The B3LYP geometry is similar to the MP2 geometry at the same basis set. The bond distance C2–C3 in 2A3MP (1.399 Å) at MP2/6-31++G(d,p) is similar to that (1.400 Å) at B3LYP/6-31G(d,p) and the bond distance C3–C4 is the same as predicted by the two methods (1.392 Å). The effect of adding diffuse functions and polarization functions on H atoms on the predicted geometry by the energy correlated method MP2 could be observed in Additional file 1: Tables S3 and S4. The increase of the basis set size overestimates the ring C–C and C–N bond distances and underestimates the C–H distances. The exo-cyclic C–C and C–N bonds remain unchanged.

Tautomerization of 2A4MP

Tautomerism is crucial for the understanding of the chemical behavior of 2A4MP. All possible tautomers of 2A4MP were optimized at B3LYP/6-311++G(d,p) and shown in Fig. 2. Relative energy (kcal/mol) for 2A4MP tautomers at B3LYP/6-311++G(d,p) computational levels is presented in Table 1. The canonical structure of the 2A4MP1 is the most stable tautomer. It is 13.60 kcal/mole more stable than 2A4MP2. Comparing the cis (2A4MP3) and trans (2A4MP2) of 2(1H)-pyridinimine reveals that, the trans tautomer is 2.76 kcal/mol more stable than the cis one. This result agrees with the reported experimental and computational (at B3LYP/6-31++G(d,p) level) data of 2-aminopyridine/2(1H)-pyridinimine (Akai and Ohno 2005). The destabilization of the cis tautomer may result from the interaction of the neighboring H atoms. As could be predicted from the computed total energy values which are, corrected for zero-point energy, one may rank the stability order as 2A4MP1 > 2A4MP2 > 2A4MP3 > 2A4MP5 > 2A4MP7 > 2A4MP4 > 2A4MP6. The attachment of the movable H atom to N (2A4MP2 and 2A4MP3) is more favored than to C (2A4MP4, 2A4MP5, 2A4MP6, and 2A4MP7). Bonding of the movable H to C3 (2A4MP5 and 2A4MP7) is also more stable than bonding to C5 (2A4MP4 AND 2A4MP6) by about 4 kcal/mol.
Fig. 2

Optimized structures of common and rare tautomers of 2A4MP

Table 1

Relative energy (kcal/mol) for 2A4MP tautomers at B3LYP/6-311++G(d,p) computational levels

2A4MP1

2A4MP2

2A4MP3

2A4MP4

2A4MP5

2A4MP6

2A4MP7

0

13.60

16.35

32.05

27.96

33.55

28.69

Transition state for hydrogen transfer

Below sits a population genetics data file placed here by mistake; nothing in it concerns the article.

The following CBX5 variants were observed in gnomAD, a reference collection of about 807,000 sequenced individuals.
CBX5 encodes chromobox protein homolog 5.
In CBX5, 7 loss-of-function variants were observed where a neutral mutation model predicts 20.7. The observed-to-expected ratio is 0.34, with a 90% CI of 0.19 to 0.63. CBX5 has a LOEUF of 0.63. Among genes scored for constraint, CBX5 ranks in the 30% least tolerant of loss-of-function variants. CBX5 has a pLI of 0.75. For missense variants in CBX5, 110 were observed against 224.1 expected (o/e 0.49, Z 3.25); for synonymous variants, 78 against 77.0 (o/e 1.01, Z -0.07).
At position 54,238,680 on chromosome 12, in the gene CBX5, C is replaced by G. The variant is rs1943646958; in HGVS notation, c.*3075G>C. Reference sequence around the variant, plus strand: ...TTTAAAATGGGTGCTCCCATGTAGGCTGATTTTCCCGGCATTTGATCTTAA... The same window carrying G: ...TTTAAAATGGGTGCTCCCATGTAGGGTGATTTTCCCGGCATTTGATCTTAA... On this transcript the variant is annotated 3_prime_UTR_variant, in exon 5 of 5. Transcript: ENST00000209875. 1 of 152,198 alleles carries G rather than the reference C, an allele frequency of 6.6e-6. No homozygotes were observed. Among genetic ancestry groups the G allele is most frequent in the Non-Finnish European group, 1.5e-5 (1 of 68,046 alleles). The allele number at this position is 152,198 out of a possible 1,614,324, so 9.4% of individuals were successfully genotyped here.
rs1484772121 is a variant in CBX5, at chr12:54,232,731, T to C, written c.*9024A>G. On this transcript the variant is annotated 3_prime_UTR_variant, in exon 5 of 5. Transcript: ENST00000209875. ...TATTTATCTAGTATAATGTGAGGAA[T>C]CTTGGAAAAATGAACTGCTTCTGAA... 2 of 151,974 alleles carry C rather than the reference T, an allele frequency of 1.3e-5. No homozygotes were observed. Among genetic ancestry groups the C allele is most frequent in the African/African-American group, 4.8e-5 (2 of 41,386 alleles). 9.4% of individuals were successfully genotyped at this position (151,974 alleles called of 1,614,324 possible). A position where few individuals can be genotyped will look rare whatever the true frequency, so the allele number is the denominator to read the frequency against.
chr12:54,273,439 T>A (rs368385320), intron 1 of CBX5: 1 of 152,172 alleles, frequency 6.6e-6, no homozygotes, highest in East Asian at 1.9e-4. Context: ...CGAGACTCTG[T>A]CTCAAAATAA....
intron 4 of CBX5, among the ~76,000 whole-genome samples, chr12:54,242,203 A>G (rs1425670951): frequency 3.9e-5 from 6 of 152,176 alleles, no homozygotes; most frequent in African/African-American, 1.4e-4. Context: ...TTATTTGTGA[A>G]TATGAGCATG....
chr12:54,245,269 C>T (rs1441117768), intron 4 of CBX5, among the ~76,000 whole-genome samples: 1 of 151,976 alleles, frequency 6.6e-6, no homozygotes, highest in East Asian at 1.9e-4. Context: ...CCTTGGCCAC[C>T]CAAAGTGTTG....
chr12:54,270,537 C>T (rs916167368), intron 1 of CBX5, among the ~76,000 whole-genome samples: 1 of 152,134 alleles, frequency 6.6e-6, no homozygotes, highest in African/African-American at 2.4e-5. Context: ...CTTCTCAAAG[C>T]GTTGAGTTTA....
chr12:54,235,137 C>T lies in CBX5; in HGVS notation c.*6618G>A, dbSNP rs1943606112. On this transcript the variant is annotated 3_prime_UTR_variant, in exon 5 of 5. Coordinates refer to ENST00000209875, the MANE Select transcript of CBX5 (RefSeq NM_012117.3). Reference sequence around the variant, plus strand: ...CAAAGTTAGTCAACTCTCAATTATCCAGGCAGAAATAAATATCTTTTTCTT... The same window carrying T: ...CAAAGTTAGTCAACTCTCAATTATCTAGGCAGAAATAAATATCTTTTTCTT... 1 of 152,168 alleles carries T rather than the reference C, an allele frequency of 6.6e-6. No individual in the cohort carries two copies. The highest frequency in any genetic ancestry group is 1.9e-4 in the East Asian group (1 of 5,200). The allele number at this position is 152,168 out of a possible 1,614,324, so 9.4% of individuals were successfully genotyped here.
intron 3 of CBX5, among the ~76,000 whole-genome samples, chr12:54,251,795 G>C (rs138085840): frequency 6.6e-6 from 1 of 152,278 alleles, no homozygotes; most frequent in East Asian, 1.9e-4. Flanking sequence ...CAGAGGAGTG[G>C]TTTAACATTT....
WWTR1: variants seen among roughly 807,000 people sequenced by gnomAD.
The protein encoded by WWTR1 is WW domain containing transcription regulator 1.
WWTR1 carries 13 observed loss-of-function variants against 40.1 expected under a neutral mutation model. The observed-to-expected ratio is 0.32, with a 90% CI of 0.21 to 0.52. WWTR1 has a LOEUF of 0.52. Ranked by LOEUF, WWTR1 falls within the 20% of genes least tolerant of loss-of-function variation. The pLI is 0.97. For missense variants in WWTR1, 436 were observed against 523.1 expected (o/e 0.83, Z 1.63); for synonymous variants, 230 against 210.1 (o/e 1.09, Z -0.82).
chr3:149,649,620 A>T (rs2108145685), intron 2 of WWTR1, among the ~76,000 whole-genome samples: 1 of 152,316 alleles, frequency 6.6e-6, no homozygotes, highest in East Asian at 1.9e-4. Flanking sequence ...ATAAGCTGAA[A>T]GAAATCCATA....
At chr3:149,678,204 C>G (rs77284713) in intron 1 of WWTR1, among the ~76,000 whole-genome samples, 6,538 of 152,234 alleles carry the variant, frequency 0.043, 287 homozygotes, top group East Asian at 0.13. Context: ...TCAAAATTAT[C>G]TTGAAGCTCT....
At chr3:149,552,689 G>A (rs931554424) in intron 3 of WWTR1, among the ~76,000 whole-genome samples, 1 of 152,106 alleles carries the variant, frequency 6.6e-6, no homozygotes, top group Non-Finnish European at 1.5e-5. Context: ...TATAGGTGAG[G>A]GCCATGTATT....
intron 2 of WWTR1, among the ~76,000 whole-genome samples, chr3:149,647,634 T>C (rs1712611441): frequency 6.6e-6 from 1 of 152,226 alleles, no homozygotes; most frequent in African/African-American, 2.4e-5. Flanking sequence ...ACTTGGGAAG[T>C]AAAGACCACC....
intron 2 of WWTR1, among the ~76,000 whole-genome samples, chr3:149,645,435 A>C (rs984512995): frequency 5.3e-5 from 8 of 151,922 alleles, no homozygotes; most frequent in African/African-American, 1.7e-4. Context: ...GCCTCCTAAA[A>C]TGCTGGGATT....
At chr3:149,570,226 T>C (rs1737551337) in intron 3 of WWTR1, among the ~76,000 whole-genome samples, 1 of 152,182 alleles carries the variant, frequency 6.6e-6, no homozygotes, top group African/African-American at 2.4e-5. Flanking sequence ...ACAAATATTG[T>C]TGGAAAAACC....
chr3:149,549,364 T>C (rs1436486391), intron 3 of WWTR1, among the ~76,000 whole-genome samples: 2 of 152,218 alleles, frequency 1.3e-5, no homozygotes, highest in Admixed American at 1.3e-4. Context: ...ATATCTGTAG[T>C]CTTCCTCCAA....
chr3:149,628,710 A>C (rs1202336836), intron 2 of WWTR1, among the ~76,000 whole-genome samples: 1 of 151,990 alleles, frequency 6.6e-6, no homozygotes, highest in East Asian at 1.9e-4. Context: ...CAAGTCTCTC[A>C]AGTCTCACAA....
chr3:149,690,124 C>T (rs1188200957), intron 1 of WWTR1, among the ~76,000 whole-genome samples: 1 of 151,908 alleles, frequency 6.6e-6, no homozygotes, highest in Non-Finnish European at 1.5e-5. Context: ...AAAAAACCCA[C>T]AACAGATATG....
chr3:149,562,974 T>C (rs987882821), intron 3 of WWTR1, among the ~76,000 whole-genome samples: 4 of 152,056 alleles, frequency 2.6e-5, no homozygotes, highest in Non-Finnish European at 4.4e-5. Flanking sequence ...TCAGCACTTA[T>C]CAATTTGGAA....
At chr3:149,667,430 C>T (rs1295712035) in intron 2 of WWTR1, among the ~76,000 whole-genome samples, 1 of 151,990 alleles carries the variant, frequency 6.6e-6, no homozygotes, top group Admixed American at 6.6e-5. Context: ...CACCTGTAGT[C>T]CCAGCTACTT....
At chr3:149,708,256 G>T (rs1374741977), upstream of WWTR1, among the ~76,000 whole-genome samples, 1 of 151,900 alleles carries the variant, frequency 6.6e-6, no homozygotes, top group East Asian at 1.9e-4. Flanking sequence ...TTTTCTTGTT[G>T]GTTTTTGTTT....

The transition state structure for proton transfer within the amine-imine tautomerism was calculated at B3LYP/6-311++G(d,p) and confirmed by the presence of one imaginary frequency. The transition state structure for proton transfer is shown in Fig. 3. The imaginary frequency value for hydrogen transfer is (−1897 cm−1). The curvature of the potential energy surface (PES) for the proton transfer reaction is measured by the second derivative of energy with respect to geometry. The magnitude of the imaginary frequency is a measure of the curvature of the transition state region along the reaction coordinate. For the proton transfer related reactions, a small imaginary frequency should correspond to a low barrier and a large imaginary frequency to a high barrier. The higher values of the imaginary frequency of the proton transfer reactions are because the vibrational frequencies are mass-weighted eigenvalues of the force constant matrix (second derivative matrix). Therefore, light atoms e.g. the H atom, is associated with higher vibrational frequency transition state. The activation energy of the proton transfer process is computed as 44.81 kcal/mol at B3LYP/6-311++G(d,p) level of theory. At the DFT/B3LYP/6-311++G** level, the calculated energy barrier for 2-hydroxypyridine → 2-pyridone conversion is about 34.00 kcal/mol (Hazra and Chakraborty 2006). It is believed that examination of key molecular orbitals (like HOMO) may provide insight into molecular geometry. The HOMO energy of the transition state is calculated to be -135.76 kcal/mol. The difference in HOMO energy between the transition state and the ground state is found to be 3.53 kcal/mol. The low-lying HOMO is interacting with the moving proton in such a way that facilitate the transfer of the proton and hence the lower the activation barrier. The geometry of transition state structures are given in Additional file 1: Table S5. The transferred proton shows a longer bond distance (1.395 Å) compared to that of the minimum structure bond distance (1.009 Å). The amino group in the transition state is planar as evidenced from the dihedral angles D(1,6,8,15), D(1,6,8,16), D(5,6,8,15) and D(5,6,8,16) as shown in Table S5.